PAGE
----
Here is a simple extension of ''tail'' and ''head'' for zipped files, that you can call ''ztail'' and ''zhead'' (example is for tail, replace "tail" with "head" everywhere to get zhead) and add to your own /bin directory:
 
<source lang="bash">
 
#!/bin/bash
 
PATH=${GZIP_BINDIR-'/bin'}:$PATH
 
  
usage="Usage: $0 [OPTIONS]... [FILES]...
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===Handling batch jobs===
Like 'tail', but operate on the uncompressed contents of any compressed FILEs.
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* if you want to send a job on a computer and logout without killing the job:
 
+
nohup ./job
Options are the same as for 'tail'."
 
 
 
case $1 in
 
--help)    exec echo "$usage";;
 
-h)        exec echo "$usage";;
 
esac
 
 
 
options=""
 
files=""
 
for i in $@; do
 
str="$i"
 
if test -f $i && [ ${str:(-3)} = ".gz" ]; then
 
    files=$files"$i "
 
else
 
    if [ ${str:0:1} = "-" ] && [ $str != "-v" ] && [ $str != "--verbose" ]; then
 
        options=$options"$i "
 
    elif [ $str != "-v" ] && [ $str != "--verbose" ]; then
 
        echo -ne "***Warning: $i is neither a regular zip file or a regular option***\n\n"
 
    fi
 
fi
 
done
 
 
 
for file in $files; do
 
    echo "==>"$file"<=="
 
    exec gzip -cd $file | tail $options
 
done
 
</source>
 
  
== The coma to point conversion in French environment ==
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=== The coma to point conversion in French environment ===
  
 
if you are working with a configuration of Linux which has not the dot "." as a standard format for floating points data (for instance the coma "," in French), you can add the following two lines in your .bashrc file:
 
if you are working with a configuration of Linux which has not the dot "." as a standard format for floating points data (for instance the coma "," in French), you can add the following two lines in your .bashrc file:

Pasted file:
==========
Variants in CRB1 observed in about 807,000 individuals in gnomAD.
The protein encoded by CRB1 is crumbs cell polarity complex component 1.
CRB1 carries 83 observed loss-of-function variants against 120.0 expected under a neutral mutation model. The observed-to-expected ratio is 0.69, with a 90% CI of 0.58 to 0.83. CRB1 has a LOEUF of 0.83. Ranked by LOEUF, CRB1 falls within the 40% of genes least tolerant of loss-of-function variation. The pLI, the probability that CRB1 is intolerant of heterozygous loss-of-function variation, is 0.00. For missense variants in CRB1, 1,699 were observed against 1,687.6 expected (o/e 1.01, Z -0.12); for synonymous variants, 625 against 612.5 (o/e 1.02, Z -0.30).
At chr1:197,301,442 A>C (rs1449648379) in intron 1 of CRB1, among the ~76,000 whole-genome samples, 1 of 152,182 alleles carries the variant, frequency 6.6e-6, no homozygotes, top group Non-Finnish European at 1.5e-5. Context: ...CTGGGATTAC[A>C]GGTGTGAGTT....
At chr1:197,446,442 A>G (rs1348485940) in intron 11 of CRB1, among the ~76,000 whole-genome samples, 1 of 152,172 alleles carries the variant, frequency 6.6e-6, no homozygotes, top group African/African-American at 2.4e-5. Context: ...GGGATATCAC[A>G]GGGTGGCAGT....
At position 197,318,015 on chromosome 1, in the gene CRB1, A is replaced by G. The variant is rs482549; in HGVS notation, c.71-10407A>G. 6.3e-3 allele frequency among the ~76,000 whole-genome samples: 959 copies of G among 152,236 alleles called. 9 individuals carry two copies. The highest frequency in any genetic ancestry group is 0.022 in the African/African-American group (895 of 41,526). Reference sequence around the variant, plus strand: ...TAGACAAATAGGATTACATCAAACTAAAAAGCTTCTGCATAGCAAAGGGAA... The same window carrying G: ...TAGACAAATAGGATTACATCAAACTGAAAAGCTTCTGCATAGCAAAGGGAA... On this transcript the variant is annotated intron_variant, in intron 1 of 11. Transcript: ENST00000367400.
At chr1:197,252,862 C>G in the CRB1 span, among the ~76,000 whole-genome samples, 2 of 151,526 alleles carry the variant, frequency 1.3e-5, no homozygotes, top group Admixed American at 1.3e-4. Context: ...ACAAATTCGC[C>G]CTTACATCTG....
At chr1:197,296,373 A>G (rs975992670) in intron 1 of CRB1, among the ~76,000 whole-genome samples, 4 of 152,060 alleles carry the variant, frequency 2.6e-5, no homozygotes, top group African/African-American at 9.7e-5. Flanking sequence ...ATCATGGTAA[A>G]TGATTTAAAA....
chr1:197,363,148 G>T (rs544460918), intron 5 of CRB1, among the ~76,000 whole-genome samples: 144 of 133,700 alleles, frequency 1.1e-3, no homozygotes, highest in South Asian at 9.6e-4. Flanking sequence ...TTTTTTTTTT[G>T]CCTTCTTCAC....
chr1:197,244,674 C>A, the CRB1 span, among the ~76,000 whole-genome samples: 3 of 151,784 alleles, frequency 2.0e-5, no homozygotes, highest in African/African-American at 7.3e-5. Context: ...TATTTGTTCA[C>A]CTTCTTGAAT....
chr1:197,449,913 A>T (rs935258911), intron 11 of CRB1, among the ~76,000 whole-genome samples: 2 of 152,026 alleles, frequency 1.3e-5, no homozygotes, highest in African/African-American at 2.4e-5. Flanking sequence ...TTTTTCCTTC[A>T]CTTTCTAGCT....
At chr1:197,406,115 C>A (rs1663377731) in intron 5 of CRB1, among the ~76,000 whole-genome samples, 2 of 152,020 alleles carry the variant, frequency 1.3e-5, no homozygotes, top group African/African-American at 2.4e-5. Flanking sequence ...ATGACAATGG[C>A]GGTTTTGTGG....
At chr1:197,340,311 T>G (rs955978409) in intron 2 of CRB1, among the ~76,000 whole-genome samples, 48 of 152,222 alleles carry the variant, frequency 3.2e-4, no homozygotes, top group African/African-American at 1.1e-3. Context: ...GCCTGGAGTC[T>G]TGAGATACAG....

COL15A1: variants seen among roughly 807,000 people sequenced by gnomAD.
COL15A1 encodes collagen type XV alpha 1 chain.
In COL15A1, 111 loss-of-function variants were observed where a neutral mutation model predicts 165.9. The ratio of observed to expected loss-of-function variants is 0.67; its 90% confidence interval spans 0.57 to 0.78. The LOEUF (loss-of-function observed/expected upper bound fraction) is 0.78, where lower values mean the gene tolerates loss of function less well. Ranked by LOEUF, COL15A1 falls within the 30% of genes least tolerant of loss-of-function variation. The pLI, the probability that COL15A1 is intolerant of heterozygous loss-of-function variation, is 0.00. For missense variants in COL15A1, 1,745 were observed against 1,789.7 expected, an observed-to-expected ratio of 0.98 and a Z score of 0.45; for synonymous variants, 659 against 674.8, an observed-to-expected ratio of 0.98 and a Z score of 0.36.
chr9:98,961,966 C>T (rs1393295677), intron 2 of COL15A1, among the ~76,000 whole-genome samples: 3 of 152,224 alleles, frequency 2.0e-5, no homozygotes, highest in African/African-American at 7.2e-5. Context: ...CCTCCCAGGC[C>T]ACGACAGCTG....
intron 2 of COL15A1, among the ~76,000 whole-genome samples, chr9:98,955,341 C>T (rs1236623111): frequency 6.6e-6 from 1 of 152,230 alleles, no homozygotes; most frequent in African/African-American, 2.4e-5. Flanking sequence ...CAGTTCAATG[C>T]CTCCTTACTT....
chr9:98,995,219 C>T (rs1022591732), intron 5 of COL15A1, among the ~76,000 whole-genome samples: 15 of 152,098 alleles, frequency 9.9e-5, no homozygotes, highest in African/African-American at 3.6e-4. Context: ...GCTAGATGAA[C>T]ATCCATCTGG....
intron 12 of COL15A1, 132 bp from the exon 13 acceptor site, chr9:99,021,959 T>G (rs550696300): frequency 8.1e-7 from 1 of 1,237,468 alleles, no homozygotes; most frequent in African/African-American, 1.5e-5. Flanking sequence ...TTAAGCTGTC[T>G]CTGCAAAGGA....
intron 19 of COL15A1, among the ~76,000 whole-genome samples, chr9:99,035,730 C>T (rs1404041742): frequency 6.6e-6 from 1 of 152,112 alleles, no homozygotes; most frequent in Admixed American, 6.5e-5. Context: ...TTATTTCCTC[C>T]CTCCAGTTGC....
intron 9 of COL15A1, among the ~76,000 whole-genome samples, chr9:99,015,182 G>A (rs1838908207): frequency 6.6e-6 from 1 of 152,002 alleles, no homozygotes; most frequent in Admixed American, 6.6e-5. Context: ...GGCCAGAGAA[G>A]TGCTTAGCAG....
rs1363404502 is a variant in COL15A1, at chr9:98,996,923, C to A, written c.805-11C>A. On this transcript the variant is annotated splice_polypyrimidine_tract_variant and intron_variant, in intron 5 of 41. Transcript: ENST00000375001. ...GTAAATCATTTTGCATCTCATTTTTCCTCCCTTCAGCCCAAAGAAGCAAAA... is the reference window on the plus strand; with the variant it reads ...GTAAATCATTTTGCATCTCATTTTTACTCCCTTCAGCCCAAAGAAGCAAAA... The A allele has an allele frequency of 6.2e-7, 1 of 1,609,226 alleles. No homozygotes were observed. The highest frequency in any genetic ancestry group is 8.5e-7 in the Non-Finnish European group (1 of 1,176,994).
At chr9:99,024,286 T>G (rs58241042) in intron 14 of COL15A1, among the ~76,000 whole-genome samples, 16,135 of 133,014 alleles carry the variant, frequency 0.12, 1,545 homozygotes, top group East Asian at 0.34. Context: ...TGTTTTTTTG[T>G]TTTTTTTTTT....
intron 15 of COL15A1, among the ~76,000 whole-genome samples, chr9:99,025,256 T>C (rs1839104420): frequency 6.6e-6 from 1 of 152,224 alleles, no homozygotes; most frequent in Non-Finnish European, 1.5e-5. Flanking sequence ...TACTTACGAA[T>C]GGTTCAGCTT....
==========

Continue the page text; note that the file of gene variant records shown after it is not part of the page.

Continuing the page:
Latest revision as of 16:23, 9 December 2011

Related pages

Miscellaneous

Moving and editing on a line

Works for emacs, and also for the terminal command line which particularly useful for the everyday life

  • go towards next(previous) word
Esc-f, Esc-b
  • go to the end(beginning) of a line
Ctrl-e, Ctrl-a 
  • Cut text towards end of line and put it into the kill ring
Ctrl-k
  • Kills next(previous) word and put it into the kill ring
Esc-d, Esc-Backspace
  • Paste what is in the kill ring
Ctrl-y

History of commands

  • a useful command : '!com' recalls the last command which first letters are com. For instance:
!a

will call acroread file.pdf if this was the last command starting with 'a'.

  • another way to find a command in the history is to pipe the history command to grep:
history|grep acroread

Handling batch jobs

  • if you want to send a job on a computer and logout without killing the job:
nohup ./job

The coma to point conversion in French environment

if you are working with a configuration of Linux which has not the dot "." as a standard format for floating points data (for instance the coma "," in French), you can add the following two lines in your .bashrc file:

LC_NUMERIC=en_US
export LC_NUMERIC

this will make the job without too many side effects.